It is no accident that much of the United States remains segregated. Decades of slavery, Jim Crow laws, discriminatory lending practices, and intentional policy choices at the federal, state, and local level — most of which were enacted within the last 80 years — helped make it so.
The Fair Housing Act, passed in 1968, just a week after Martin Luther King, Jr. was assassinated, was meant to address the decades of discrimination that led to such segregation. The FHA made it illegal to discriminate against anyone buying or renting a house because of their race, color, religion, sex, or national origin (it’s since been amended to include family status and disability, too). But it also sought to replace segregation in America with “truly integrated and balanced living patterns” by requiring agencies to “affirmatively” further fair housing in all programs related to housing.
The FHA brought about a sea change with respect to individual housing discrimination — Americans today would be shocked to find an apartment listing that indicated Black people or women with children could not apply. But its promise of integrating neighborhoods has been left largely unfulfilled. As former Vice President Walter Mondale, who co-authored the legislation, pointed out recently in a New York Times op-ed, the FHA is the “most ignored” of the era’s civil rights laws.
It seems like Secretary Ben Carson, head of the Department of Housing and Urban Development, would like to keep it that way. In January, the agency suspended the only regulation to ever give the FHA real leverage in ending segregation. The move puts housing integration in serious jeopardy, so we’re challenging it in court.
Since it was enacted, successive presidential administrations largely ignored their affirmative obligations to create fair housing, allowing federal government dollars to flow uninterrupted to cities and towns that have policies in place that maintain segregation. Then, in 2015, the Obama administration finally began to seriously address this issue by putting in place a regulation called the Affirmatively Further Fair Housing (AFFH) Rule. The rule required cities and towns to create a plan to address segregation and discrimination and to lay out concrete goals for bringing fair housing and opportunity to members of all the groups protected by the FHA before receiving government money. Examples of these goals include building affordable housing in areas well-served by transit and prohibiting landlords from discriminating against people who use a government subsidy to pay part of their rent.
In the first few years it was in effect, it became clear that the AFFH process gave grantees an important new tool to attack the old problem of segregation. AFFH also proved valuable in addressing fair housing issues that were previously unnoticed. For example, the city of Ithaca, New York, used the AFFH process to prioritize addressing policies and practices that displace victims of domestic violence, sexual assault, and stalking.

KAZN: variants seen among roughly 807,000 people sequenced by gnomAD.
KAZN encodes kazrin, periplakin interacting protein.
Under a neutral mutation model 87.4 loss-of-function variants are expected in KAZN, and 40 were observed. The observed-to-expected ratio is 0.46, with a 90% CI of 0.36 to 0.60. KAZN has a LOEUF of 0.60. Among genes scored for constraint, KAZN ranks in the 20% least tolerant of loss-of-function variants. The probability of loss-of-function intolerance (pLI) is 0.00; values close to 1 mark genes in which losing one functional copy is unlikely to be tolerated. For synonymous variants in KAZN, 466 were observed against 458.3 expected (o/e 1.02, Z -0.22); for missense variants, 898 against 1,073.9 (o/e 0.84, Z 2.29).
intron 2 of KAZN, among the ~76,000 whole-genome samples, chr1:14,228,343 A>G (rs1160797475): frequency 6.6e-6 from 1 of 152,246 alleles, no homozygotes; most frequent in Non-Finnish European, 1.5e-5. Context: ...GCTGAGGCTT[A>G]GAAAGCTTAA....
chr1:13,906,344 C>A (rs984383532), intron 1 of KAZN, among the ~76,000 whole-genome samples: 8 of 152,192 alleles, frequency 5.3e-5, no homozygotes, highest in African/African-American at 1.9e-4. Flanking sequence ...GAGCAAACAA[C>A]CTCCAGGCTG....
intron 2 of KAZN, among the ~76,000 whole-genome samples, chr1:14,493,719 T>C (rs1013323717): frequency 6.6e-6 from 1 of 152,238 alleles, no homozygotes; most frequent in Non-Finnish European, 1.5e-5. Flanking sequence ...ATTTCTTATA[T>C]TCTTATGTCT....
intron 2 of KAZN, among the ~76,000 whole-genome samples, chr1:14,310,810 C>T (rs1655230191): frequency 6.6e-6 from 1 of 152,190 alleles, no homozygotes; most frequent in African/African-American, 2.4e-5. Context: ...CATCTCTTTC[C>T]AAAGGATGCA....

But in January, HUD announced that it would not require grantees to engage in the AFFH process until 2020 at the earliest (and, because of the way the process is timed, not until 2024 in most cases). This suspension means that HUD will continue to give out money without doing anything to check whether grantees are using it in ways that perpetuate segregation and undermine fair housing.
During his presidential campaign, Secretary Carson analogized the AFFH Rule to a “failed socialist experiment” and dismissed it as a government attempt to “legislate racial equality.” But the AFFH Rule is nothing of the sort: In fact, it gives local governments wide latitude to create locally appropriate solutions to housing issues that affect not only people of color, but also families with children, people with disabilities, and victims of crime, among others.
Not only is it unacceptable to delay the fulfillment of the FHA’s promise any longer — it’s also illegal. If HUD wanted to suspend the AFFH Rule, the law requires that it provide the public with notice and an opportunity to weigh in. And HUD would have to replace the AFFH Rule with something else that fulfills its statutory duty to affirmatively further fair housing. That’s why we filed suit today on behalf of the National Fair Housing Alliance, Texas Low Income Housing Information Service, and Texas Appleseed, three leading fair housing organizations whose work has been severely undermined by the suspension. Joining us as co-counsel are the law firm of Relman, Dane & Colfax; the Lawyers’ Committee for Civil Rights Under Law; the NAACP Legal Defense and Educational Fund; the Poverty & Race Research Action Council; and Public Citizen Litigation Group.
All the AFFH Rule requires is that communities seeking federal housing dollars take steps to counteract the history of government-sponsored segregation and to promote equal housing opportunities for all. As the Fair Housing Act turns 50 amid a persistently and illegally divided America, it’s the least we can do.